A delegation from the United States Congress would arrive in Khartoum on Sunday on a three-day official visit at the invitation of Sudan’s National Legislature, said parliament speaker Ibrahim Ahmed Omer. Speaking at a press conference in Khartoum Wednesday, Omer said the Congressional delegation would meet with the Prime Minister Bakri Hassan Salih, ministers of the economic sector, speaker of the National Assembly, opposition parties and the National Intelligence and Security Services (NISS). According to to Ashorooq TV, Omer added the visit comes at the invitation of the parliament, saying the delegation would be hosted by the Sudanese businessman Bashir Hassan Bashir. He pointed out that the Congressional delegation would discuss ways to promote bilateral relations between the two countries as well as exchanging ideas on the political, economic and security issues of common concern. Sudan Tribune

Italian Lawmakers Pass Anti-terror Military Mission to Niger
Italian lawmakers have approved sending a military mission to Niger to combat human trafficking and terrorism. The vote in the Chamber of Deputies on Wednesday was likely lawmakers’ last session before a March 4 election. Premier Paolo Gentiloni has said some of Italy’s troops now in Iraq will be transferred to the African nation, a major migrant trafficking route. His center-left government is focusing on Africa in a strategy to combat trafficking of migrants to Libya and then onwards toward European shores via perilous journeys in smugglers’ unseaworthy boats. VOA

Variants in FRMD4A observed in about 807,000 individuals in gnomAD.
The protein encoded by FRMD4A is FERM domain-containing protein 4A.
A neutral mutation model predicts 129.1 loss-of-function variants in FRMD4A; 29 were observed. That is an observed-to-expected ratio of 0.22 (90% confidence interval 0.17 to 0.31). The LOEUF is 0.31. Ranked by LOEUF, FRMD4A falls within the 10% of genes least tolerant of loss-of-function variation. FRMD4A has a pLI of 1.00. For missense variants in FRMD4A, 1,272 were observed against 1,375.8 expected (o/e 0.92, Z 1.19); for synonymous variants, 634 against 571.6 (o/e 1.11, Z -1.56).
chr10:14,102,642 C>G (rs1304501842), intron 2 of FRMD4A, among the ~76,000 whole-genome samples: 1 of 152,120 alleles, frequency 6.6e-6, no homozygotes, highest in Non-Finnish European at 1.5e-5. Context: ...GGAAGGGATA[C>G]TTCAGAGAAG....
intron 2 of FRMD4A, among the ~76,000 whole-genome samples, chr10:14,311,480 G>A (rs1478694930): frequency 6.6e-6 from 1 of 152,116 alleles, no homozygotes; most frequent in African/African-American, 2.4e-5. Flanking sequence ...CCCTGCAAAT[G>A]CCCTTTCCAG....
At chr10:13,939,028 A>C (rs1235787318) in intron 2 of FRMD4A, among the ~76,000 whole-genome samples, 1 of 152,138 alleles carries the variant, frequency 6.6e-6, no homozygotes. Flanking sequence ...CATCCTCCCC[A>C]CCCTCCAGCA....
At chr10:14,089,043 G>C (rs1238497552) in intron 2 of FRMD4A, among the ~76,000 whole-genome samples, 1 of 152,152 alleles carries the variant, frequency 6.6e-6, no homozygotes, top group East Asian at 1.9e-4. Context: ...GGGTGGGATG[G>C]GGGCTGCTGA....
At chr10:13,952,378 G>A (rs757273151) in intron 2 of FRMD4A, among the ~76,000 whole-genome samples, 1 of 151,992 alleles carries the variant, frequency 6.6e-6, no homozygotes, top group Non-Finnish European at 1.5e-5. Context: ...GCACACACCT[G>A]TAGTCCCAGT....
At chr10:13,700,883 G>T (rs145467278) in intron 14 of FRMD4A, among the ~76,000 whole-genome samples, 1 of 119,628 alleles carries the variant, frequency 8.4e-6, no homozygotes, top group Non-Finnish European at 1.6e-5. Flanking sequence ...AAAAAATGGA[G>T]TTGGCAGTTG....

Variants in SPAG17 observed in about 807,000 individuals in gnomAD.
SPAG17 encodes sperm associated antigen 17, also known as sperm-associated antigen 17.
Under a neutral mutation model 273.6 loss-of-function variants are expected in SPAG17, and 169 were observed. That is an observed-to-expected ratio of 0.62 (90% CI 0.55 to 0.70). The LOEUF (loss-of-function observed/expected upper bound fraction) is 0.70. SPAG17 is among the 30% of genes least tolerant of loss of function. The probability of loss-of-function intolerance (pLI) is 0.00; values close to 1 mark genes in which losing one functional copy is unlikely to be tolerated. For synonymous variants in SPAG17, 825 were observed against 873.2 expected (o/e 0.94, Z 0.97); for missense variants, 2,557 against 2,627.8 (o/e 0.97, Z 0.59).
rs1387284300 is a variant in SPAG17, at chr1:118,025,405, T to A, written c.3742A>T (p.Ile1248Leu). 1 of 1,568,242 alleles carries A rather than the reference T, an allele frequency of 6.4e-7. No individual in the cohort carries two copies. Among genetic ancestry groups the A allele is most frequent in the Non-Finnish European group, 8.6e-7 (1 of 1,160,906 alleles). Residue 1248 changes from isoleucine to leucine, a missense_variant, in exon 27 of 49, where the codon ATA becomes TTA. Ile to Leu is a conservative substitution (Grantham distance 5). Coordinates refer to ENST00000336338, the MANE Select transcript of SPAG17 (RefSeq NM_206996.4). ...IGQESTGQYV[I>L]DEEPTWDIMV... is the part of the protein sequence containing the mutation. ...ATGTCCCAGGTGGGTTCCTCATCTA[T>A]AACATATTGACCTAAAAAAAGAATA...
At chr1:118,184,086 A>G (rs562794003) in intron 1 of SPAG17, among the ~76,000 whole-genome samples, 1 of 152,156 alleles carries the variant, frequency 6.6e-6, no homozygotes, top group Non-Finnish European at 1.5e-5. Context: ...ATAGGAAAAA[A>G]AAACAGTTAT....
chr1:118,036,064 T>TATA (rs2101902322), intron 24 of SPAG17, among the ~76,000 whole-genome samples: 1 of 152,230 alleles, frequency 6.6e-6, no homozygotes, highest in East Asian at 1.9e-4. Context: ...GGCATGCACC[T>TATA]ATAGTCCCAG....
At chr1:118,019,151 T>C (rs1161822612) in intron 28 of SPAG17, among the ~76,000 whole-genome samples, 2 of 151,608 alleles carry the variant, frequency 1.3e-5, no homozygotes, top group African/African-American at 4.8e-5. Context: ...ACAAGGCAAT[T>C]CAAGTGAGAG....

Democracy on a Decline in East Africa – Report
Civil and political liberties of East African citizens are repressed, notes a new survey on the status of global freedom. The Freedom in the World 2018 report by Freedom House, a US-based watchdog, states that democracy has been on a downward trend across the region. Though in Uganda there was notable jump in civil liberties, the “political environment remained tightly restricted under the regime of long-ruling President Yoweri Museveni”. President Museveni, 73, in power since 1986, sought to extend his rule by pushing for the removal of the presidential age limit of 75 which would allow him to run again in 2021, the report notes. This is even as his re-election in 2016 was marked by police brutality, internet shutdowns and treason charges against his main challenger, Kizza Besigye. The East African